The next hitter, Hendrick, hit a slow chopper toward third and third baseman Molitor threw home ahead of the nose-first dive of pinch-runner Mike Ramsey, but home-plate umpire Lee Weyer ruled that the ball was foul. Hendrick then singled to right field for the go-ahead run.
Milwaukee had a righthander, Moose Haas, available to pitch to Hendrick, but Kuenn said: "They had two lefthanded hitters coming up behind George. I thought Bobby could get him out."
The Cardinals added two insurance runs in the eighth, again keyed by a Lonnie Smith double. With Haas pitching, Hernandez was walked intentionally with one out, and Hendrick flied to center. But Porter, whose last two weeks of play erased the last two years of frustration in fans' minds, singled off lefthander Mike Caldwell, scoring Smith. Then Steve Braun, the Cardinals' third designated hitter of the game, drove in the sixth run with a single.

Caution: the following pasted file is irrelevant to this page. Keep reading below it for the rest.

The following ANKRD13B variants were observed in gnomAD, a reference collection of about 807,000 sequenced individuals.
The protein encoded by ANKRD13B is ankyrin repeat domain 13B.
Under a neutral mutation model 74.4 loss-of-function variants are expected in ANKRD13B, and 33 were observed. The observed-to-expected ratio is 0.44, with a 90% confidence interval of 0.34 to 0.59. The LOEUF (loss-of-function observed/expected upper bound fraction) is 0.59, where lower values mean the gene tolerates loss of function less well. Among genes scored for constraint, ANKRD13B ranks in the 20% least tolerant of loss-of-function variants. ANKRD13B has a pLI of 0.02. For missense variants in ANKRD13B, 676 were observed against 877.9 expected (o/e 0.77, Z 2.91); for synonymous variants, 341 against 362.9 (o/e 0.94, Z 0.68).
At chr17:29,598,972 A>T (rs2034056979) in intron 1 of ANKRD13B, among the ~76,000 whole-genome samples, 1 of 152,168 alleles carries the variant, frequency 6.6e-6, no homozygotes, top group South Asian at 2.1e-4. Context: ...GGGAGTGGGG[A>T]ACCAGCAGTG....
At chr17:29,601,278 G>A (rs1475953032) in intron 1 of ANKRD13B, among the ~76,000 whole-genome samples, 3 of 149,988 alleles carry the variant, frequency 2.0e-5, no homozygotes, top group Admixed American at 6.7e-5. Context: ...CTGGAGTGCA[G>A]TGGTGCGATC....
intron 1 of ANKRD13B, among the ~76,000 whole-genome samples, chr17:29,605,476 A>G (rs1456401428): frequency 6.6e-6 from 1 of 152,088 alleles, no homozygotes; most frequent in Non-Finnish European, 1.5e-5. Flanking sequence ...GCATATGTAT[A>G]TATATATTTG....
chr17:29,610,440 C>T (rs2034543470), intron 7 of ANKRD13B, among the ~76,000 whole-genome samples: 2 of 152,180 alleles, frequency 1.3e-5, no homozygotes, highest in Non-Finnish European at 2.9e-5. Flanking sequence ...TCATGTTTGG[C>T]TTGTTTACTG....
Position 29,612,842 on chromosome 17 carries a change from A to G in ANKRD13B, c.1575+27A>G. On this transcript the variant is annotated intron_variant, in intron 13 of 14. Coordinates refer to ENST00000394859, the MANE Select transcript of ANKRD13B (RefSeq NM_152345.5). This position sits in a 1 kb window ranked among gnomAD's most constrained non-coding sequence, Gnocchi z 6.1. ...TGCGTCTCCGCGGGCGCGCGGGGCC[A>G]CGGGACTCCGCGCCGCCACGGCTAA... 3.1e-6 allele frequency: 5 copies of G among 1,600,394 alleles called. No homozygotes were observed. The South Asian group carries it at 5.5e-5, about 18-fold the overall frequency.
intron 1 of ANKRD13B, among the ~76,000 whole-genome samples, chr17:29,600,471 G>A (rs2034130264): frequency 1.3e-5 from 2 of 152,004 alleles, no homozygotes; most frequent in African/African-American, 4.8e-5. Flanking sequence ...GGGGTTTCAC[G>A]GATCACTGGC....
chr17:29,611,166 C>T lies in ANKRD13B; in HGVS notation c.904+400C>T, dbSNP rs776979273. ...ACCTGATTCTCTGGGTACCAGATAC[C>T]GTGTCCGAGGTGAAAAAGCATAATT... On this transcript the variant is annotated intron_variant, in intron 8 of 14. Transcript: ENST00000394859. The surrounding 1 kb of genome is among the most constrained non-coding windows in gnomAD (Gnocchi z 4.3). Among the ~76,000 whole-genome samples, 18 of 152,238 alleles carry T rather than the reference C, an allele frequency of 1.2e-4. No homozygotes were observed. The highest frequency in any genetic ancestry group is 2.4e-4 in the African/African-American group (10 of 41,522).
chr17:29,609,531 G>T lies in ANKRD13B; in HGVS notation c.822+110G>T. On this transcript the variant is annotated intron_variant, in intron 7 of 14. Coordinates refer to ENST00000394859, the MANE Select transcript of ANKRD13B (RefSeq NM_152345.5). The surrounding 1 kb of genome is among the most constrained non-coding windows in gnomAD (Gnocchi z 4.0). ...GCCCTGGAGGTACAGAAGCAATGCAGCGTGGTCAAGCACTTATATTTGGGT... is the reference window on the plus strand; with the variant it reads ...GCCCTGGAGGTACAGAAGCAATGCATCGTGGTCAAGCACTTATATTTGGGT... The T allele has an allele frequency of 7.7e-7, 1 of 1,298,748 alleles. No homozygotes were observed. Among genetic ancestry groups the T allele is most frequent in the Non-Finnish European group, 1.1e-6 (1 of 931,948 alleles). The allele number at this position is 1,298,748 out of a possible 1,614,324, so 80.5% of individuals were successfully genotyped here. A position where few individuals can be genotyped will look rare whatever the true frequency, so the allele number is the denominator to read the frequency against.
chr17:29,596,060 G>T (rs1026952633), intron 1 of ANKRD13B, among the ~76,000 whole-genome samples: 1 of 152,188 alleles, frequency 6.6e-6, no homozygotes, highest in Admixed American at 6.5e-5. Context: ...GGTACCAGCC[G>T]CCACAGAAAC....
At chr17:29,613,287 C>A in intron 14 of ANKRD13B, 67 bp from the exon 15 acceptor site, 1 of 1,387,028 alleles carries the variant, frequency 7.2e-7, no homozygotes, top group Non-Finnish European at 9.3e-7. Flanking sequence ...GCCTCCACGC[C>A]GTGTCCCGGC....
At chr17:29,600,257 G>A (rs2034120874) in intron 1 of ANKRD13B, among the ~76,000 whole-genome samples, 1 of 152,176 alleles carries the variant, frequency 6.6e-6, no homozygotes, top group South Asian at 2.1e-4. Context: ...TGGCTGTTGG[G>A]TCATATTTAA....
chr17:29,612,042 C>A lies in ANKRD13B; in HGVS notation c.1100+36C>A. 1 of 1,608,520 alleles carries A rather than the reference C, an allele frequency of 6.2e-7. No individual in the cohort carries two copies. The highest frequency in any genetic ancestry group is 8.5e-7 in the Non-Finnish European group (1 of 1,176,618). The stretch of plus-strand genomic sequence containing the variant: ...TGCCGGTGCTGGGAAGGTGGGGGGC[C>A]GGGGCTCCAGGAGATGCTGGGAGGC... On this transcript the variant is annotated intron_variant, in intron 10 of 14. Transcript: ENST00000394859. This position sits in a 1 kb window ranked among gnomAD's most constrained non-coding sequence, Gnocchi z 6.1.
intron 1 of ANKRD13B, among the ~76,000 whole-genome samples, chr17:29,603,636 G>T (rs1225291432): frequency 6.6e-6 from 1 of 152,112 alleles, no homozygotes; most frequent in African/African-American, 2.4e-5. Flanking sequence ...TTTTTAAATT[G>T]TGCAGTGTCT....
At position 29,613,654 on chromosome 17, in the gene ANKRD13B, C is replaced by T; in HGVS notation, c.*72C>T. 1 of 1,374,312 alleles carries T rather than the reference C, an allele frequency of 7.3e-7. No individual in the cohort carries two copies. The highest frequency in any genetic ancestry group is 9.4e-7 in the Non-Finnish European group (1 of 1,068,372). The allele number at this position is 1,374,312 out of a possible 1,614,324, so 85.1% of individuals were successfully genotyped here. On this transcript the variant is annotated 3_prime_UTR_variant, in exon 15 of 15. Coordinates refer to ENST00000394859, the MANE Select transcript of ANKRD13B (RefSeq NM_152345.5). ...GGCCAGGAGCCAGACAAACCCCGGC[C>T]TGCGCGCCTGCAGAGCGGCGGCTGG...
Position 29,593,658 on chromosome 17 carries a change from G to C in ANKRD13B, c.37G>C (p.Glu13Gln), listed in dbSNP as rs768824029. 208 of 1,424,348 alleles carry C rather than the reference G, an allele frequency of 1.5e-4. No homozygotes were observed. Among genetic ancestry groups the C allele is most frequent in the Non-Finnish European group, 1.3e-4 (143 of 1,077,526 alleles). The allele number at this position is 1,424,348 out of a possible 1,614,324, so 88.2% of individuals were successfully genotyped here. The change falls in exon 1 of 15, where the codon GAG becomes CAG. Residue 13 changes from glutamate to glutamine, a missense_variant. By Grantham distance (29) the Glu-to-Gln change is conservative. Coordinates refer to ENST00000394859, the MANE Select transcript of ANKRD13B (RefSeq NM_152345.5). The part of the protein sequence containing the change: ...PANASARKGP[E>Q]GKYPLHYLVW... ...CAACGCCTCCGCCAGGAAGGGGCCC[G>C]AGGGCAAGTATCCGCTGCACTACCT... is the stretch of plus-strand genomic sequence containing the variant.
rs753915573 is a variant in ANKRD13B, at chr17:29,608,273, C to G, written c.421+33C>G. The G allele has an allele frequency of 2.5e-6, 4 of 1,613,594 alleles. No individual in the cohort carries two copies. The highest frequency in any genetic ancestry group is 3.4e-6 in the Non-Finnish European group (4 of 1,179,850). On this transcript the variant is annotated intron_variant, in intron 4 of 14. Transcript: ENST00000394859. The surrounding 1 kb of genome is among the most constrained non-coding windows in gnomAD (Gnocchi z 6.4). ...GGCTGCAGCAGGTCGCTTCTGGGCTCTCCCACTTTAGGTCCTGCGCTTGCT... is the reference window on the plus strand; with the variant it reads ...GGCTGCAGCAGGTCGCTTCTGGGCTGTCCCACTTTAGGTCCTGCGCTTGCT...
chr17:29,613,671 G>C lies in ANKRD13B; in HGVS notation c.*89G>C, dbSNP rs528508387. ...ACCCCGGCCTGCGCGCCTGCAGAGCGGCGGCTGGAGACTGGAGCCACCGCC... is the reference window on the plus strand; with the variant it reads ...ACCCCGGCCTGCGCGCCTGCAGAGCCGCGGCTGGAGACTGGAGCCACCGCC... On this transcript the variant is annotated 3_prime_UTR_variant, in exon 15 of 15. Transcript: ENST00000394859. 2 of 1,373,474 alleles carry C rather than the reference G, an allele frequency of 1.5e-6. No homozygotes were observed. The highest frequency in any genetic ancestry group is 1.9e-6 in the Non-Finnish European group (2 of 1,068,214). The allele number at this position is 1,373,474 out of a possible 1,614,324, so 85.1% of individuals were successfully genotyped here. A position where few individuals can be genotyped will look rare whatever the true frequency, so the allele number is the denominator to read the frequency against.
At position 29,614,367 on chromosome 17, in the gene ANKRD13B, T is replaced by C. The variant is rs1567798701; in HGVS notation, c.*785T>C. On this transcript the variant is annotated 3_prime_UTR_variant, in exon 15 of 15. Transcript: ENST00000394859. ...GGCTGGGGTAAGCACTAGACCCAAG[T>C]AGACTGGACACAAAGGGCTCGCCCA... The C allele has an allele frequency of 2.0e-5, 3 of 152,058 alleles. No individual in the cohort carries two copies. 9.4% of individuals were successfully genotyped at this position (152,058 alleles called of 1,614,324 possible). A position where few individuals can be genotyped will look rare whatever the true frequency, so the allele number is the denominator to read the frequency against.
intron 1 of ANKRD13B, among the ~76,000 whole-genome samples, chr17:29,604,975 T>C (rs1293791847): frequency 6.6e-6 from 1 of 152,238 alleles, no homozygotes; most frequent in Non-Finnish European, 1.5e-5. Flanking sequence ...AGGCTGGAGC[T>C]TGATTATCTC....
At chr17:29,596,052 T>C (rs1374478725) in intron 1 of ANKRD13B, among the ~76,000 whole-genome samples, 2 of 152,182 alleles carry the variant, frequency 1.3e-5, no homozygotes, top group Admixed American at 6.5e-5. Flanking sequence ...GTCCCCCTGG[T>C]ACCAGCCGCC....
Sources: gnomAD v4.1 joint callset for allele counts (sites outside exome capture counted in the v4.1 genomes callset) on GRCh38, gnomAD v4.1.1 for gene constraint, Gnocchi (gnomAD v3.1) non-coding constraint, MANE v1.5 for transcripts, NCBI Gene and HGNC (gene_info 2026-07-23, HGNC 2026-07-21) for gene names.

Braun, who rarely has batted against lefthanders in his specialist's role this season, said, "I haven't seen a lefthander since Huggins-Stengel Field at 10 o'clock in the morning." Huggins- Stengel Field in St. Petersburg, Fla., is where the Cardinals and New York Mets play 'B 'games in spring training.
Sutter, who had 36 saves and nine victories during the regular season and two victories and two saves in postseason play, dispatched the last six Milwaukee batters.
"Now I can say I'm just like Tug McGraw and Rollie Fingers," he said.
The reference was to two other relief aces -- McGraw, here on a television assignment, was sitting to his left. Both McGraw and Fingers had been on World Series winners previously, although Fingers' inability to pitch in this Series for the Brewers gave the Cardinals a huge bullpen advantage.
Andujar, pitching on a sore leg after being hit by a line drive last week, pitched four scoreless innings before Ben Oglivie ripped a first-pitch, 400-foot homer in leading off the fifth inning, tying the score at 1-1. Lonnie Smith's infield single had driven in Willie McGee with the Cardinals' first run the inning before.